The government, in close cooperation with Sebi and RBI, has taken many steps to boost the corporate bond market since 2005 when the High Level Expert Committee under RH Patil submitted its report. Subsequently, many other government committees also recommended steps to boost this market. The changes made in the corporate bond market framework, following from various expert committees recommendations, have been incremental and cautious. Taken together, however, they constitute significant changes.
What reforms have delivered so far
As a major step, the government clarified the regulatory roles of different segments of the corporate bond market, making Sebi responsible for all primary and secondary market activities in corporate bonds issued by listed entities, and RBI being responsible for repos in corporate bonds.
Compulsory reporting of all trades in corporate bonds to any one of the reporting platforms set up by BSE, NSE or FIMMDA has been mandated. Also, NSE and BSE have set up dedicated trading platforms for corporate bonds. The Union Budget 2008-09 removed taxes on interest from corporate bonds. A major reason for issuers to shun the corporate bond market was the high cost of issuance. Sebi has simplified disclosure and listing requirements under Sebi (Issue and Listing of Debt Securities) Regulations 2008. Various structural restrictions on the designing of bonds have also been done away with. Issuers with listed equity are now required to make only brief incremental disclosures. To enhance the investor base, the market lot size has been reduced from Rs 10 lakh to Rs 1 lakh. Further, the limit of FIIs investment in corporate bonds has been increased to $15 billion. In what is being hailed as a major development, RBI has allowed introduction of repos in corporate bonds since March 2010.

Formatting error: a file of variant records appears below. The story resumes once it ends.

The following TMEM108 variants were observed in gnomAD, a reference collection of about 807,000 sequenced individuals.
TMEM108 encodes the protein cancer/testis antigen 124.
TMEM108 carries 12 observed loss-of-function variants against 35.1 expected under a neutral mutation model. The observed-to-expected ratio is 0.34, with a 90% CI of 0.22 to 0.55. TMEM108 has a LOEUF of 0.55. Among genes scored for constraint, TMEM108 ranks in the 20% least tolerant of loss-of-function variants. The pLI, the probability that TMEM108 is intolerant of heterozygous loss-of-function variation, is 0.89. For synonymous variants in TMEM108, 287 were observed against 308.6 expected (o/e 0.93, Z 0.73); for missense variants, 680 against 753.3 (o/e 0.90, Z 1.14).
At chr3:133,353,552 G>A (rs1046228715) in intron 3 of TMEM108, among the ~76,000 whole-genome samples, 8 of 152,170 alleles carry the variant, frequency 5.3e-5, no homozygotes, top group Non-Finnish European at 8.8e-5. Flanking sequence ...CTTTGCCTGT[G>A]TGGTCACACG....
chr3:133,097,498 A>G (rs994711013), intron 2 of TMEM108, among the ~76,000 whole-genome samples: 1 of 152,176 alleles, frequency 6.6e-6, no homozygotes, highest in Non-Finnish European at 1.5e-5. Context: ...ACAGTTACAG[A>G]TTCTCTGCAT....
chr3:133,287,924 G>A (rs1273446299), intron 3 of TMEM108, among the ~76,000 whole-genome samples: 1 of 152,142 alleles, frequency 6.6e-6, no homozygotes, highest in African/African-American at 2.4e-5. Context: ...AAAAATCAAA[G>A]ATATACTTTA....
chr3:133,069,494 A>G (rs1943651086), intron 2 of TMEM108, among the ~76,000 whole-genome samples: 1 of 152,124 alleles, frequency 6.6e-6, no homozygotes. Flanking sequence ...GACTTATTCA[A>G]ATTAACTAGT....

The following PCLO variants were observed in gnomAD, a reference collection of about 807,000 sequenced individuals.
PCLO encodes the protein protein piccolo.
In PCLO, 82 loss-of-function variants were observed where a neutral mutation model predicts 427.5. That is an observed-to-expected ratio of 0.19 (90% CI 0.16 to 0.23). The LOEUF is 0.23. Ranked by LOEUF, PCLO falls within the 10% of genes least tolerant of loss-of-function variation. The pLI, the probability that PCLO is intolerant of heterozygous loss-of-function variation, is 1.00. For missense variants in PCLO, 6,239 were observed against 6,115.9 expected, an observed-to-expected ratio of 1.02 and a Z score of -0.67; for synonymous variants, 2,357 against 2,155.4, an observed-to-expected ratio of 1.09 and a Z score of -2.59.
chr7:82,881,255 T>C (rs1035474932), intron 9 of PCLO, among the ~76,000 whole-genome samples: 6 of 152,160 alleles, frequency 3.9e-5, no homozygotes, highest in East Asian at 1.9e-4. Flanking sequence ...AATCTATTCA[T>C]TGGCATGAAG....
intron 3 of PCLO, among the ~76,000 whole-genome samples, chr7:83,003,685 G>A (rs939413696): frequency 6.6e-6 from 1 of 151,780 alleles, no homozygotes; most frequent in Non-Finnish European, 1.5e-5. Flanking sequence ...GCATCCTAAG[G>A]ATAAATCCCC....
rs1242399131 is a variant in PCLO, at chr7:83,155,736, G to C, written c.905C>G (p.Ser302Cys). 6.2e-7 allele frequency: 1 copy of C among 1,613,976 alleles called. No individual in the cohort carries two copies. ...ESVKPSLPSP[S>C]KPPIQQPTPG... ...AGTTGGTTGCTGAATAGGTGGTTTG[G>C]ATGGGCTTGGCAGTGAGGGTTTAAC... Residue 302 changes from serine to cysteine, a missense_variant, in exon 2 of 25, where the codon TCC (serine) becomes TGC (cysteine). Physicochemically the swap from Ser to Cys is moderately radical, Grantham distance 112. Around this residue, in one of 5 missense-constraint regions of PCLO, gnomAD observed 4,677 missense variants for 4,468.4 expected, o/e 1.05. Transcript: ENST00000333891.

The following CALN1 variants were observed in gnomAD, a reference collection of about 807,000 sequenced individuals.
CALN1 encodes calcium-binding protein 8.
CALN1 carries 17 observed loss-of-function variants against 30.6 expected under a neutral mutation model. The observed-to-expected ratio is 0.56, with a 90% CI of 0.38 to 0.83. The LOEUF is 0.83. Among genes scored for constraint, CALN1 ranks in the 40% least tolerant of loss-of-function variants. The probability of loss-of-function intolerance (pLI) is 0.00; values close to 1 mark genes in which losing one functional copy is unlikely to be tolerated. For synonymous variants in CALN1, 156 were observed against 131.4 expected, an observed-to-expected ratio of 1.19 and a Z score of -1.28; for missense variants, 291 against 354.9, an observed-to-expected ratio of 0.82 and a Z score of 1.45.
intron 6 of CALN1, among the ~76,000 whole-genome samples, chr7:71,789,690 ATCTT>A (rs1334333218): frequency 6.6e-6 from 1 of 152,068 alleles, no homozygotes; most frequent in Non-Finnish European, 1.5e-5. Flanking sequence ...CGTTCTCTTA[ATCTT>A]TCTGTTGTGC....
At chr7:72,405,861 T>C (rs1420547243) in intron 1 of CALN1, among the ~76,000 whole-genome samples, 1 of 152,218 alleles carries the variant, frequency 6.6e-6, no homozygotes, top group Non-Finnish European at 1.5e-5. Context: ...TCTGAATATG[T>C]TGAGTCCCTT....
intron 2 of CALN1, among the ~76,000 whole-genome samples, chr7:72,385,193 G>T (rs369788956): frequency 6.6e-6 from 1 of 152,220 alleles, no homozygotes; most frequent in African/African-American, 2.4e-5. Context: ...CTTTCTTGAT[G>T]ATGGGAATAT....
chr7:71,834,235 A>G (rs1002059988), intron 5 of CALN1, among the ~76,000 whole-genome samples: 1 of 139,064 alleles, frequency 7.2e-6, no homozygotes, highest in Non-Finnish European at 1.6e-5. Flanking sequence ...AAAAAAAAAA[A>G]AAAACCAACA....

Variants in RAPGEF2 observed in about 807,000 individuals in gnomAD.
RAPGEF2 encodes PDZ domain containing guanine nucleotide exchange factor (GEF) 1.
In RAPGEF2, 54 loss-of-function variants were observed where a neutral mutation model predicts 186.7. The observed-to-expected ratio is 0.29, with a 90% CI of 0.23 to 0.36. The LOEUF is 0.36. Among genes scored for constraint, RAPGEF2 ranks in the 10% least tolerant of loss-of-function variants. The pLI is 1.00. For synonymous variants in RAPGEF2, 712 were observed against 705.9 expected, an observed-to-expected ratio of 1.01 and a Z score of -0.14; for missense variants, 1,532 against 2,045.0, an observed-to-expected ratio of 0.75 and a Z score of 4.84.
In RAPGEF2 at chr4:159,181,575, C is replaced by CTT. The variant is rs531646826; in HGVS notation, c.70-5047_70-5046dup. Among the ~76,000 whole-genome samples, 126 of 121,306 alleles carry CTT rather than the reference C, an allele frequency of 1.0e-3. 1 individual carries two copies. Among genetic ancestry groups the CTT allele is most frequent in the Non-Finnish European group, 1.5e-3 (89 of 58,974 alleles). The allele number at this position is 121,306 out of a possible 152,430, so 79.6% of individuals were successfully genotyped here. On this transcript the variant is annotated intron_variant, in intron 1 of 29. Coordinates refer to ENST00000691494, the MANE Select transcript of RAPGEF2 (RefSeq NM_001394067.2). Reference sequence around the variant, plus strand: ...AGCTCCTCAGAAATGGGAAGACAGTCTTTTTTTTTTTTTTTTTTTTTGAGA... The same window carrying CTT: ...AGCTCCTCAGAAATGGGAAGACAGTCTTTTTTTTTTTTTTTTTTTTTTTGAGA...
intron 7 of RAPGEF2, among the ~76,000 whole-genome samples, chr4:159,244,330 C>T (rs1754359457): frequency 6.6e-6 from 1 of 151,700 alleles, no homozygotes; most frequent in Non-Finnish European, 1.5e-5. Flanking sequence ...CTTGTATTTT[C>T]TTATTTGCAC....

Following above measures and more, the activity in these markets has shown some improvement. Secondary market trades in corporate bonds (including OTC trades and trades on exchanges) have increased from Rs 95,890 crore in 2007-08 to Rs 4,01,198 crore in 2009-10. Primary issuance by corporates in the form of private placement has also increased from Rs 1,18,485 crore in 2007-08 to Rs 2,12,635 crore in 2009-10. However, the corporate bond market still remains small in the country. One finds that corporates still show a marked preference for availing of loans rather than floating bonds. Among those who prefer to tap the bond market, there is a penchant for private placement even among the large corporates.
According to an ADB report, Indias bond market was just 3.9% of GDP as of March 2008. This level, though comparable to levels in the Philippines and Indonesia, remains small in much of the Asian regionwith the exception of Korea where the corporate bond market is 62% of GDP and Hong Kong, China where the size is 38% of GDP.
The report noted that even in absolute terms Indias corporate bond market is minuscule in relation to its economic size.
Resurrection of the corporate bond market in India will require action on two counts. First, regulators need to complete the unfinished reform agenda. Some reform actions that remain to be taken include providing for a more liberal shelf registration, permitting banks to offer credit guarantees to enhance the creditworthiness of sub-investment grade bonds, lowering the margin requirements for AAA-rated bonds to incentivise repos in corporate bonds, mandating settlement of all corporate bond trades in designated clearing houses through DvP and further enhancing FIIs investment limits in this market to attract their interest. Second, to be effective, further policy reforms need to be informed about the unique nature of this market.
Why issuers remain more comfortable with loans
For example, on the demand side of the market, banks are more geared towards giving credit rather than investing. Typically, the credit department of a bank is much larger than the investment (treasury) department. While credit decisions are decentralised, investment decisions are more centralised. This dichotomy in the internal business model of banks also creates a barrier between the two forms of lending. Also, banks prefer loans to bonds since loans do not need to be marked-to-market and hence require less regulatory capital. Prudential norms also limit permissible exposure of banks to corporate bonds.